Oh, this is beautiful!
The National Post has a story about who helped the victims the most in the aftermath of Hurricane Katrina. It's no surprise that it wasn't the government, but liberals everywhere will be greatly dismayed to know that their favorite punching bag, Wal-Mart, was a true hero of the disaster. Take a look at some telling excerpts:
Shortly before Hurricane Katrina made landfall on the U.S. Gulf Coast on the morning of Aug. 29, 2005, the chief executive officer of Wal-Mart, Lee Scott, gathered his subordinates and ordered a memorandum sent to every single regional and store manager in the imperiled area. His words were not especially exalted, but they ought to be mounted and framed on the wall of every chain retailer — and remembered as American business's answer to the pre-battle oratory of George S. Patton or Henry V.
“A lot of you are going to have to make decisions above your level,” was Scott's message to his people. “Make the best decision that you can with the information that's available to you at the time, and above all, do the right thing.”
This extraordinary delegation of authority — essentially promising unlimited support for the decision-making of employees who were earning, in many cases, less than $100,000 a year — saved countless lives in the ensuing chaos.
In Kenner, La., an employee crashed a forklift through a warehouse door to get water for a nursing home. A Marrero, La., store served as a barracks for cops whose homes had been submerged. In Waveland, Miss., an assistant manager who could not reach her superiors had a bulldozer driven through the store to retrieve disaster necessities for community use, and broke into a locked pharmacy closet to obtain medicine for the local hospital.
Meanwhile, Wal-Mart trucks pre-loaded with emergency supplies at regional depots were among the first on the scene wherever refugees were being gathered by officialdom. Their main challenge, in many cases, was running a gauntlet of FEMA officials who didn't want to let them through. As the president of the brutalized Jefferson Parish put it in a Sept. 4 Meet the Press interview, speaking at the height of nationwide despair over FEMA's confused response: “If [the U.S.] government would have responded like Wal-Mart has responded, we wouldn't be in this crisis.”
This benevolent improvisation contradicts everything we have been taught about Wal-Mart by labour unions and the “small-is-beautiful” left. We are told that the company thinks of its store management as a collection of cheap, brainwash-able replacement parts; that its homogenizing culture makes it incapable of serving local communities; that a sparrow cannot fall in Wal-Mart parking lot without orders from Arkansas; that the chain puts profits over people. The actual view of the company, verifiable from its disaster-response procedures, is that you can't make profits without people living in healthy communities. And it's not alone: As Horwitz points out, other big-box companies such as Home Depot and Lowe's set aside the short-term balance sheet when Katrina hit and acted to save homes and lives, handing out millions of dollars' worth of inventory for free.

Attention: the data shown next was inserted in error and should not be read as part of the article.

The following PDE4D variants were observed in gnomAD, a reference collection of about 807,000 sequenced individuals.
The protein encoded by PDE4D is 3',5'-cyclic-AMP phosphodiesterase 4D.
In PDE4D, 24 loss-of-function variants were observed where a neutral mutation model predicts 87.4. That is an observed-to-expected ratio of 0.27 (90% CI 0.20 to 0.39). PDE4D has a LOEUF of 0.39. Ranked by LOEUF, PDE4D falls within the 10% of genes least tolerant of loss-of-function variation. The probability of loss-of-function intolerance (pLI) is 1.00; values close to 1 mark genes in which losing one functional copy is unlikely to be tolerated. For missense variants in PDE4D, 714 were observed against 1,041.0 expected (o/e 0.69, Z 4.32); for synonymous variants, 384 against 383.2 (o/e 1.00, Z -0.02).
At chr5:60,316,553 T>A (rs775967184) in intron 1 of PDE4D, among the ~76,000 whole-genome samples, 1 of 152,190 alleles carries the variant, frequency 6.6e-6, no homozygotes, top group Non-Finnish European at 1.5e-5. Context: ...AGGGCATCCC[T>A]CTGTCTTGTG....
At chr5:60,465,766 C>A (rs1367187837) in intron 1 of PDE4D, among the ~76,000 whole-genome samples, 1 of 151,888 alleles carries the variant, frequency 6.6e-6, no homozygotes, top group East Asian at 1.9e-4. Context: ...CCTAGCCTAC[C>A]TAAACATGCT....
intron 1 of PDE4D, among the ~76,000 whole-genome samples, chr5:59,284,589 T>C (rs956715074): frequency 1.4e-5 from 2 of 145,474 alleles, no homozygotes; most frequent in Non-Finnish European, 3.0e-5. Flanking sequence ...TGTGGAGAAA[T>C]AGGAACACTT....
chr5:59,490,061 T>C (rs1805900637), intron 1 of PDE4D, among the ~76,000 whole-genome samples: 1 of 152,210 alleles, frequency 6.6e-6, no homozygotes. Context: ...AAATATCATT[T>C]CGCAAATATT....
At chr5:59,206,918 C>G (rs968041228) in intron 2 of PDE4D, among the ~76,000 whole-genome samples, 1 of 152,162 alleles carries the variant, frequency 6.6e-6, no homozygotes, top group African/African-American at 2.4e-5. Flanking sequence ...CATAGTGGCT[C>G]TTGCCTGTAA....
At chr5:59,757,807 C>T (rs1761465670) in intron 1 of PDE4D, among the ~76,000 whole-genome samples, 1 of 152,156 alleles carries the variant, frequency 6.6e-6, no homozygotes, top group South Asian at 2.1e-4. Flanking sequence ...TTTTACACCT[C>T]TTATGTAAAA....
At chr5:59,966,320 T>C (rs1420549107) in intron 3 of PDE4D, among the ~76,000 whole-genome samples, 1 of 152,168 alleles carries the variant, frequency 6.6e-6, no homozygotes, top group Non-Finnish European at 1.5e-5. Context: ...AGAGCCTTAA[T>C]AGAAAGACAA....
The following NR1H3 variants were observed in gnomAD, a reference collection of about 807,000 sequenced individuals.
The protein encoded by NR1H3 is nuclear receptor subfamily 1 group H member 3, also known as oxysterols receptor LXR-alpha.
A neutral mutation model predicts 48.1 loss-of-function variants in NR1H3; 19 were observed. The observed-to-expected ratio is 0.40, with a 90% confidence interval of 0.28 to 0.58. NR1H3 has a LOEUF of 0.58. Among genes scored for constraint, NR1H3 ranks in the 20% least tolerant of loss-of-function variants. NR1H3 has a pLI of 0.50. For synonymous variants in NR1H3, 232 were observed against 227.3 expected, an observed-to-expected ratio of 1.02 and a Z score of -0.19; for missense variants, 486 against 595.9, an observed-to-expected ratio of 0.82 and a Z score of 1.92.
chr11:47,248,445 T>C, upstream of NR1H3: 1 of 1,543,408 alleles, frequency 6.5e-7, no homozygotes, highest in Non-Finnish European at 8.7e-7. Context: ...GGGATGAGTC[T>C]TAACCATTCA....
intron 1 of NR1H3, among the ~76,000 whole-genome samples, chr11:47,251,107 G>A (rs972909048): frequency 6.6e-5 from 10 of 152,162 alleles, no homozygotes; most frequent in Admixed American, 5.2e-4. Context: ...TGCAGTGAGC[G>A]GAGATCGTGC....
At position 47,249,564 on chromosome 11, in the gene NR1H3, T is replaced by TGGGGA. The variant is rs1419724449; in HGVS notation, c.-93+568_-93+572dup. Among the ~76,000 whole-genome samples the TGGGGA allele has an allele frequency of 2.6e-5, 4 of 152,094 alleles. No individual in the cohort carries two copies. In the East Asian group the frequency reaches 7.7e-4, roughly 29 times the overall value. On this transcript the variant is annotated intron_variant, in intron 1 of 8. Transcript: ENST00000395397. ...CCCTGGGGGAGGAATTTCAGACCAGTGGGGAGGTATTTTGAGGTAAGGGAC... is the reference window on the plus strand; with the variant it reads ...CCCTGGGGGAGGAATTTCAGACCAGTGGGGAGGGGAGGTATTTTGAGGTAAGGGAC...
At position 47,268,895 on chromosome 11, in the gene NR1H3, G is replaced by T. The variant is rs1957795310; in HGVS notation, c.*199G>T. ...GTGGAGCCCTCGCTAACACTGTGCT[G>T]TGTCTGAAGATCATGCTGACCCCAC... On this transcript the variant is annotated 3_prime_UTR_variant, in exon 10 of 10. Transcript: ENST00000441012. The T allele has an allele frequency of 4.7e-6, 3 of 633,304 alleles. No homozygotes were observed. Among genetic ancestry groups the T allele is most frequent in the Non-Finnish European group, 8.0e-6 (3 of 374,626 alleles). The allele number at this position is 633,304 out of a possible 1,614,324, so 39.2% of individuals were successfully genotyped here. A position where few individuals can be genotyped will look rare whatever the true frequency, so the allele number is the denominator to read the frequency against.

In addition to the local stores having greater incentive to help the local people (because they knew them and lived with them), one reason for the success of these huge stores' efforts is their decentralized command structure (as indicated by Scott's message). For example, the Coast Guard performed well in the aftermath of Katrina because it leaves a great deal of authority to the individual commanders, who knew the location and were able to make correct decisions on the spot.
This is a fantastic illustration of several things that I want to point out. First, Wal-Mart is not the source of evil in the modern world. Second, it is not filled with brain-dead losers who can't think for themselves – quite the opposite, as those store managers made tough decisions that cost the company money but saved lives. They did the right thing – that's true leadership! Third, this decentralization effect is just one more reason why we don't want an all-powerful federal government. They screwed it up, the local people didn't. The more we rely on the state and local levels of government rather than the federal level, the better off we'll all be.
Especially in times of disaster, when speed and effectiveness is needed most.
There's my two cents.